Instead, companies are the primary buyers of the quotient-service, apparently in a defensive action, so they can adjust their policies in order to improve their own reported quotient. That's understandable, I guess...but some of this is what's called check-the-box-compliance. That's when the company adjusts its policies just enough to raise its governance statistic without any corresponding fundamental reform.

But Boards are about personalities, processes and power, in addition to mere policies. The problem with these statistics is they tend to count things like the number of meetings and lean on technical definitions of independence, things that aren't really helpful in assessing the quality of the Board. NYSE and NASDAQ both installed governance rules (e.g., at least one-half of the Board must be independent, based on slightly different definitions of independence). This is not a bad step, but hardly a panacea. You now have hundreds of companies engaged in mere check-the-box compliance.

So, what do we do? At Advisor, we look for the signs, hints, and artifacts of either really great, or really lame, governance. In short, we look for breadcrumbs. Boards leave you plenty of breadcrumbs that betray their priorities. In my experience, the "middle 60%" is tough to distinguish, but you can indeed recognize great governance and lame governance. Here are some of the breadcrumbs we look for. First, who sits on the Board?

For example, Blackboard (BBBB) meets our great governance test. Their institutional ownership includes a diverse set of seasoned, active investors; i.e., not passive mutual fund interest. One Board member is Partner of a very experienced private equity firm that owns a significant percentage of the stock. Another is a seasoned venture capitalist. The others are experts in the industry. For board seats, we like inside investors, seasoned investors, industry experts, innovative thinkers and, of course, financial expertise. We do not like to see either passive mutual funds or "marquee names" – seats filled by recognizable names who do not have industry/content expertise and who are too busy running another company and sitting on several other board seats to do a proper job.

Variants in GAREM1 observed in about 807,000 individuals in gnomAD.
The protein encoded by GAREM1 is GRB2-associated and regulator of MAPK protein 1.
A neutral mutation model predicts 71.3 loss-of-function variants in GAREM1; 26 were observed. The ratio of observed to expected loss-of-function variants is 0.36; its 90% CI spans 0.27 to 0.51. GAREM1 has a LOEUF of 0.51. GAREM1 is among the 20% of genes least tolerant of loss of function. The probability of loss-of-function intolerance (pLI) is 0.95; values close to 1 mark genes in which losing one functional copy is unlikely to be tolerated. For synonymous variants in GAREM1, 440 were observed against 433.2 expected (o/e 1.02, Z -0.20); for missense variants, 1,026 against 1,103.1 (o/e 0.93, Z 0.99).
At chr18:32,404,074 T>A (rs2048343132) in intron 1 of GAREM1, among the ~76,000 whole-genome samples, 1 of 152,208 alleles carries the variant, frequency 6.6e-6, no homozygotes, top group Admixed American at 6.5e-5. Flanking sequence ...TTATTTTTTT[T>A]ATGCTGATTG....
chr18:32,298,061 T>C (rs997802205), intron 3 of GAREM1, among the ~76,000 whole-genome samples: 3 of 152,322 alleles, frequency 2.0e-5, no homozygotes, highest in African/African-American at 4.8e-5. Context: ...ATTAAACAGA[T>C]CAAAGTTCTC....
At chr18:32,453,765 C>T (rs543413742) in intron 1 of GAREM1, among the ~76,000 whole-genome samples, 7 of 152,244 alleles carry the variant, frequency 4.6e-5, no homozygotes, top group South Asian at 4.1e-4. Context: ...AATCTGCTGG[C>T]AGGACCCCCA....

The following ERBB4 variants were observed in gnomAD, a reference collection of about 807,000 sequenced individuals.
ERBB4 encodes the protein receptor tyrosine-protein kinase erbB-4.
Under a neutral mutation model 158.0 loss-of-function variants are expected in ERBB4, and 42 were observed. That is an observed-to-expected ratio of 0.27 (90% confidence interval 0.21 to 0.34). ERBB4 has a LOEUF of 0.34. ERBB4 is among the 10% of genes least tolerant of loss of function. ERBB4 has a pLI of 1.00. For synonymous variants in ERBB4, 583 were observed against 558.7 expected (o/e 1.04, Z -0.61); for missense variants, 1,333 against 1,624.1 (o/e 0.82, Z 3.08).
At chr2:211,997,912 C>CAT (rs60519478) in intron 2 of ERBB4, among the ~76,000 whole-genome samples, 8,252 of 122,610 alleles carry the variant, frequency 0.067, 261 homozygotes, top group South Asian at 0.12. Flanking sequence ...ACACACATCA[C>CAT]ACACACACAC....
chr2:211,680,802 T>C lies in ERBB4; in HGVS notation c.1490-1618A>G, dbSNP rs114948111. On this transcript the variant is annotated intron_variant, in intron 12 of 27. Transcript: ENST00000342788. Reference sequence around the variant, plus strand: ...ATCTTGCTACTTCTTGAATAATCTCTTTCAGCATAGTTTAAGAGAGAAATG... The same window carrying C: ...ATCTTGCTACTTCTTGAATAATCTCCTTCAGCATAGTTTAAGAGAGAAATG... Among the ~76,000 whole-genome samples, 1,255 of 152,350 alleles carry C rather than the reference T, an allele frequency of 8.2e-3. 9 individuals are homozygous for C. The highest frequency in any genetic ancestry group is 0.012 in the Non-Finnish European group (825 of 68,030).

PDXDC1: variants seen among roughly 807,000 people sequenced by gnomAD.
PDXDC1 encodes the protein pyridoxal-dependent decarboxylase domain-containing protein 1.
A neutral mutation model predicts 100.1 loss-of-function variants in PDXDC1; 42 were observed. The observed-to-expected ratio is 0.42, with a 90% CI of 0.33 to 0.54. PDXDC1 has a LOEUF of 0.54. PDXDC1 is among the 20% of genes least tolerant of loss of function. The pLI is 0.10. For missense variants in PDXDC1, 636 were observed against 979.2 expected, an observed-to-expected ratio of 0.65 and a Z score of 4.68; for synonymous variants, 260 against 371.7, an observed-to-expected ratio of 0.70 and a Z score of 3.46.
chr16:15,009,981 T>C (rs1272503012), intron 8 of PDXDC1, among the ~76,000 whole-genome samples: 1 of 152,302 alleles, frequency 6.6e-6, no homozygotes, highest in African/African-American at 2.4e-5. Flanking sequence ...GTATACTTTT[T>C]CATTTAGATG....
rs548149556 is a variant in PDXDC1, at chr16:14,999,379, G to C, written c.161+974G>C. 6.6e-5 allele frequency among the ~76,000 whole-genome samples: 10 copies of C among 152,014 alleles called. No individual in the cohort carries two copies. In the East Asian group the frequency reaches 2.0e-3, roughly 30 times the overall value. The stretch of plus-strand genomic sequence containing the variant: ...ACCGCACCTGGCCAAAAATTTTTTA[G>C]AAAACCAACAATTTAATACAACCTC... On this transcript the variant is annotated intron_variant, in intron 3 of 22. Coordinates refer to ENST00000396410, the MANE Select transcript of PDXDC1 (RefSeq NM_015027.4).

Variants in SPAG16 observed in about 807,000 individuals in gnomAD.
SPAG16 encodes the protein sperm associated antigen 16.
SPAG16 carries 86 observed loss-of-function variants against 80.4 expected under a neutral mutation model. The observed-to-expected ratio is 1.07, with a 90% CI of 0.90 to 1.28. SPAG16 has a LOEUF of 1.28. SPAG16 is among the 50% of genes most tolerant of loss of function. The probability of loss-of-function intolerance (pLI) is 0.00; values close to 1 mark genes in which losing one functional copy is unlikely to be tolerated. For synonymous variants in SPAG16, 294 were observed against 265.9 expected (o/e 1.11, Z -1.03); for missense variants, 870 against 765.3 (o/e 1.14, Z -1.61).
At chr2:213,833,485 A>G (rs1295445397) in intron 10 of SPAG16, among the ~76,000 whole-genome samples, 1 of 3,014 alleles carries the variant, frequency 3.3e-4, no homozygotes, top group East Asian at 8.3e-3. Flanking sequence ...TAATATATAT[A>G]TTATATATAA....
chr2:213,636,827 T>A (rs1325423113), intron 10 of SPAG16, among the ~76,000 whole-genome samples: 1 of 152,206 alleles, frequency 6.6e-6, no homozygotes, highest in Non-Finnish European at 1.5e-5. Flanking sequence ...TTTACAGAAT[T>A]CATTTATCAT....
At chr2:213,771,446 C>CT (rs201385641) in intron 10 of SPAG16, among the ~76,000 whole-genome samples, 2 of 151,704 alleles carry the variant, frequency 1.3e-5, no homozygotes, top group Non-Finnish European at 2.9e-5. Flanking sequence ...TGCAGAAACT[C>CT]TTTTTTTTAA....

Second, how are executives compensated? Not how much, but how. More than any other single item in the proxy statement, the compensation program will tell you whether the Board is independent or in management's pocket. Is the program really pay-for-performance, does it really have teeth? We also prefer that executive bonuses are not tied to EPS growth. EPS growth is an outcome produced by strong operating results. It falls out a lagging indicator, so why pay for it and encourage manipulation? Management should focus on the underlying operational and business drivers that produce long-term gains in EPS.

Third, does the Board have a proactive plan for stock option dilution? Or do they just go back to the shareholder trough whenever they need more shares, or worse, install a mindless evergreen provision (e.g., automatic annual dilution)? Strong boards are reacting to FASB's requirement to expense stock options as an opportunity to re-visit their option plans against company incentive and performance goals. Far too many boards are betraying their weakness by reacting to this regulation with a focus on window dressing. Several companies are going to accelerate the vesting on their outstanding options before the rule goes into effect. This is equivalent of tucking the expense under the rug and hoping shareholders won't notice (not to mention, they've sweetened the incentive for no real reason).

Consider the opposite reaction. First Data (FDC) sets a good example by keeping their employee stock purchase plan (ESPP). They acknowledged doing so will ding their reported earnings. But the cash flow economics are unchanged and they believe the program is important to the broad employee base (and we totally agree, for the cost, ESPP are almost always a great tool even if underutilized by employees). When management is under pressure to produce earnings, we must trust the Board to keep managers honest, and to have the courage to ignore window-dressing and in favor of real fundamentals.

These are just three clues that tend to reveal strong or weak governance. In the next blog, I will continue with more clues and some examples.